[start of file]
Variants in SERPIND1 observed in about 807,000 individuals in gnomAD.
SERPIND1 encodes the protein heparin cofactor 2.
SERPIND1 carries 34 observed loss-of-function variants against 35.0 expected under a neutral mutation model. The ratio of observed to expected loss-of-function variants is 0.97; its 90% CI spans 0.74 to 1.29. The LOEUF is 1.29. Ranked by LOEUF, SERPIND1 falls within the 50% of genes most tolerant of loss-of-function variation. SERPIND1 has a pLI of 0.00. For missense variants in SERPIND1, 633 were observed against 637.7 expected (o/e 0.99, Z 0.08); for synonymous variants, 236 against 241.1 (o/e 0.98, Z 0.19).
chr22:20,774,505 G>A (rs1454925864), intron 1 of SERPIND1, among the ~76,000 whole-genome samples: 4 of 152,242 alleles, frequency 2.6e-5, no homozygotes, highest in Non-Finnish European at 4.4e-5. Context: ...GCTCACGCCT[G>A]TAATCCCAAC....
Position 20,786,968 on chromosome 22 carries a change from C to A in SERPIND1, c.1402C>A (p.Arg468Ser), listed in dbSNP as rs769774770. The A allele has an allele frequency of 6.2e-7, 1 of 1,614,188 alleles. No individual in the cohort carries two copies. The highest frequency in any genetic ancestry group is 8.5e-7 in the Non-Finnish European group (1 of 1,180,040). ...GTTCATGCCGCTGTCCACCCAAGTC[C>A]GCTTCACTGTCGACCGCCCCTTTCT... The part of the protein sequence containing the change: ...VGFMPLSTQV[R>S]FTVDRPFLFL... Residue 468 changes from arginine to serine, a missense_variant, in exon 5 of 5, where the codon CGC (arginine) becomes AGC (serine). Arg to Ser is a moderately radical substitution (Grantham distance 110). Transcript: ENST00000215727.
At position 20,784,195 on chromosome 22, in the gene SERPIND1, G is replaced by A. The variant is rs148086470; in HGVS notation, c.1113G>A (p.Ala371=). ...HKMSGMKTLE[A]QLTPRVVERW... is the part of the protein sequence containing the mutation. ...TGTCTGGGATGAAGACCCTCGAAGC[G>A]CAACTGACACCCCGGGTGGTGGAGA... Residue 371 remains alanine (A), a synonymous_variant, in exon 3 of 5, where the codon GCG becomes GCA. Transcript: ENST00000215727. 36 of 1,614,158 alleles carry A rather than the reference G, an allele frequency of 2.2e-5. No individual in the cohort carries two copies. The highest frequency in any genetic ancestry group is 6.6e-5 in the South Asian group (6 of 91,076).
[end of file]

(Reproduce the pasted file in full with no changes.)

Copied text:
Variants in SERPIND1 observed in about 807,000 individuals in gnomAD.
SERPIND1 encodes the protein heparin cofactor 2.
SERPIND1 carries 34 observed loss-of-function variants against 35.0 expected under a neutral mutation model. The ratio of observed to expected loss-of-function variants is 0.97; its 90% CI spans 0.74 to 1.29. The LOEUF is 1.29. Ranked by LOEUF, SERPIND1 falls within the 50% of genes most tolerant of loss-of-function variation. SERPIND1 has a pLI of 0.00. For missense variants in SERPIND1, 633 were observed against 637.7 expected (o/e 0.99, Z 0.08); for synonymous variants, 236 against 241.1 (o/e 0.98, Z 0.19).
chr22:20,774,505 G>A (rs1454925864), intron 1 of SERPIND1, among the ~76,000 whole-genome samples: 4 of 152,242 alleles, frequency 2.6e-5, no homozygotes, highest in Non-Finnish European at 4.4e-5. Context: ...GCTCACGCCT[G>A]TAATCCCAAC....
Position 20,786,968 on chromosome 22 carries a change from C to A in SERPIND1, c.1402C>A (p.Arg468Ser), listed in dbSNP as rs769774770. The A allele has an allele frequency of 6.2e-7, 1 of 1,614,188 alleles. No individual in the cohort carries two copies. The highest frequency in any genetic ancestry group is 8.5e-7 in the Non-Finnish European group (1 of 1,180,040). ...GTTCATGCCGCTGTCCACCCAAGTC[C>A]GCTTCACTGTCGACCGCCCCTTTCT... The part of the protein sequence containing the change: ...VGFMPLSTQV[R>S]FTVDRPFLFL... Residue 468 changes from arginine to serine, a missense_variant, in exon 5 of 5, where the codon CGC (arginine) becomes AGC (serine). Arg to Ser is a moderately radical substitution (Grantham distance 110). Transcript: ENST00000215727.
At position 20,784,195 on chromosome 22, in the gene SERPIND1, G is replaced by A. The variant is rs148086470; in HGVS notation, c.1113G>A (p.Ala371=). ...HKMSGMKTLE[A]QLTPRVVERW... is the part of the protein sequence containing the mutation. ...TGTCTGGGATGAAGACCCTCGAAGC[G>A]CAACTGACACCCCGGGTGGTGGAGA... Residue 371 remains alanine (A), a synonymous_variant, in exon 3 of 5, where the codon GCG becomes GCA. Transcript: ENST00000215727. 36 of 1,614,158 alleles carry A rather than the reference G, an allele frequency of 2.2e-5. No individual in the cohort carries two copies. The highest frequency in any genetic ancestry group is 6.6e-5 in the South Asian group (6 of 91,076).